Why I Freakin’ Love Being Bi on Bi Visibility Day

9/23/2017

Today is Bi Visibility Day, which means it’s the final day of Bi Awareness Week. The past few days, I’d been thinking about what I wanted to write about on this day because I do believe it’s an important one. It’s kind of like Christmas for bisexuals, ya know?

Do I want to focus on negative health disparities bi individuals face? Do I want dispel myths about being bisexual? Do I want to encourage everyone to be as visible as possible on this day? Do I want to talk about how, being bi, attractions to various genders ebbs and flows, and that’s 100% normal? Do I want to to talk about how I navigate being both polyamorous and bi? Do I want to discuss the internalized biphobia we all face, and how to overcome it?

I could keep going, but I think you get the picture. There were plenty of topics I could delve into on this fabulous day.

But as I was going through the potential topics, I realized how they were all, not necessarily negative (although many of them are), but rather, sad. They all had a common thread that tied everything together: the struggles we face for our (bi)sexuality.

Honestly, this made me feel depressed. On this day, I want to celebrate being bi. I want to encourage others to come out and embrace the label. I don’t want to bum everyone out on Bi Christmas. I’m not the bi Grinch over here. I want everyone attracted to multiple genders to shout from the rooftops why they fucking love — that’s right —fucking love being bisexual. So I figured I’ll start us off. Here are just a few of the reasons I love being bi.

First, I love the fact that my love transcends gender and appearances. I think, in a sense, love from a bi person is one of the purest forms of love. I’ve never shared this story before, hey, why not now?

When I came out to my father, he accepted me unconditionally. I was very lucky in this regard. Now I wouldn’t say my father is a religious man. He does attend Jewish services regularly; however, I think the music appeals to him more than the religious aspects. Nevertheless, I will make the claim that he’s a spiritual person.

I didn’t know this, but apparently, when he spoke to my brothers right after I came out to him, he said, “There’s something incredible about Zach. It says in the Torah that God made man and woman in his image. Zach can not only see the beauty — but the godliness — in every single person.”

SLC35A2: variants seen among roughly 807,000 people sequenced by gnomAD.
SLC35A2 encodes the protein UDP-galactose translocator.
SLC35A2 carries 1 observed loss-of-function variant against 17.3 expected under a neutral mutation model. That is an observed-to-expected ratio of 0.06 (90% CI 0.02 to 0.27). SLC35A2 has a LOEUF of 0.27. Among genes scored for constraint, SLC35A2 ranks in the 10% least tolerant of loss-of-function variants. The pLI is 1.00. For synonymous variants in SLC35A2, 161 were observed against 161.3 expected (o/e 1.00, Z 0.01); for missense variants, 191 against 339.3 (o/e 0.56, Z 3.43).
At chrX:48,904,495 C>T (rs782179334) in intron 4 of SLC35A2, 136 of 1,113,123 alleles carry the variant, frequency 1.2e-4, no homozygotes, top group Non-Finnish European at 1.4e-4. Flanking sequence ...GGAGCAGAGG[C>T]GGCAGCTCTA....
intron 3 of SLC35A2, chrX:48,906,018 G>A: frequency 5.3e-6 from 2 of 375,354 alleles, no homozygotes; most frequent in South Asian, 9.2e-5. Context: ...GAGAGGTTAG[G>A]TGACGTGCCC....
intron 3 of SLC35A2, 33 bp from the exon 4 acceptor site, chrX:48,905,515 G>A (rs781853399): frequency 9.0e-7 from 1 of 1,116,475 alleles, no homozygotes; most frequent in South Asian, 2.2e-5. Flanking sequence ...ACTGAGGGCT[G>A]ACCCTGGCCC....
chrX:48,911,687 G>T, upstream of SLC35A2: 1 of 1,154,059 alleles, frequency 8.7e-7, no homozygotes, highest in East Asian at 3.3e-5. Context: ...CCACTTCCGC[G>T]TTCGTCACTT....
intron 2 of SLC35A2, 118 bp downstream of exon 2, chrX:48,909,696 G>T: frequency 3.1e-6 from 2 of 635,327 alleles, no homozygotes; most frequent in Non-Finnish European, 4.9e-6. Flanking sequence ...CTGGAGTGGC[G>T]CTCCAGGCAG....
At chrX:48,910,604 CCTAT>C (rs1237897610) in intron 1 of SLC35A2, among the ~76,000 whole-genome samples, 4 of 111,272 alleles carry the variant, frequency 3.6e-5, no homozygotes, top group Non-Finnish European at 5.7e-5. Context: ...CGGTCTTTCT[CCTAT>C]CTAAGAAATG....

When my brother told me he said that to them, I was shook. First off, it was one of the kindest things anyone has ever said about me. But second, I loved he was able to use the Bible to embrace, even praise my sexuality, as opposed to use it as a justification to discriminate.

Those words have stuck with me. There’s something pure, even godly (I don’t want to get too arrogant over here), about being able to see the beauty in everyone — regardless of gender.

Second, it’s fun. I feel like bi people can exist in both the gay and straight worlds — getting the best out of both. Yes, I know, sometimes it feels like we don’t belong to either, but sometimes, it feels like we belong to both. I have a few straight friends who I’m very close with. The guys I was friends with years before I came out. They not only stuck around after I came out, but also embraced, supported, and loved me through my whole chaotic coming out process. Now my straight friends and I do very different things when we hang out than I do with my (newer) crew of queer friends. I can dance shirtless to Madonna with my gay friends, and be more “chill,” so to speak, with my straight friends. I like having access to both of these universes.

Third, we’re cool. It’s like, have you hung out with other bi people? I feel like because we’ve dealt with such BS that comes with being bi, we have developed a hilarious sense of humor to cope. I mean, have you noticed how obsessed we are with puns? We also don’t buy into heteronormativity. This is partly due to the fact that many of us don’t neatly fit into the ideals of heteronormative society, so we exist outside of it. That makes us freakin’ cool. We’re not boring. We’re not like everyone else. We understand gender is on spectrum, just like sexuality. We understand that gender norms are BS. We just, like, “get it,” ya know?

So yeah! Thank the heavens I am bi!

While there’s a lot of nonsense we have to deal with, I would never, not in a million years, wish I was gay or straight. I love being bi. I love being me. And on this day, I’m going to not only be visible, but celebrate that fact that I am lucky— I’ll even go as far to say blessed — to be bi!

Happy Bi Visibility Day everyone!

Zachary Zane

Zachary Zane a Brooklyn-based freelance writer, speaker, YouTuber, and activist whose work focuses on (bi)sexuality, gender, identity politics, relationships, and culture. He’s a contributing editor at The Advocate Magazine, a columnist at Bi.org, and currently writes for The Washington Post, Cosmopolitan, Out Magazine, and PRIDE.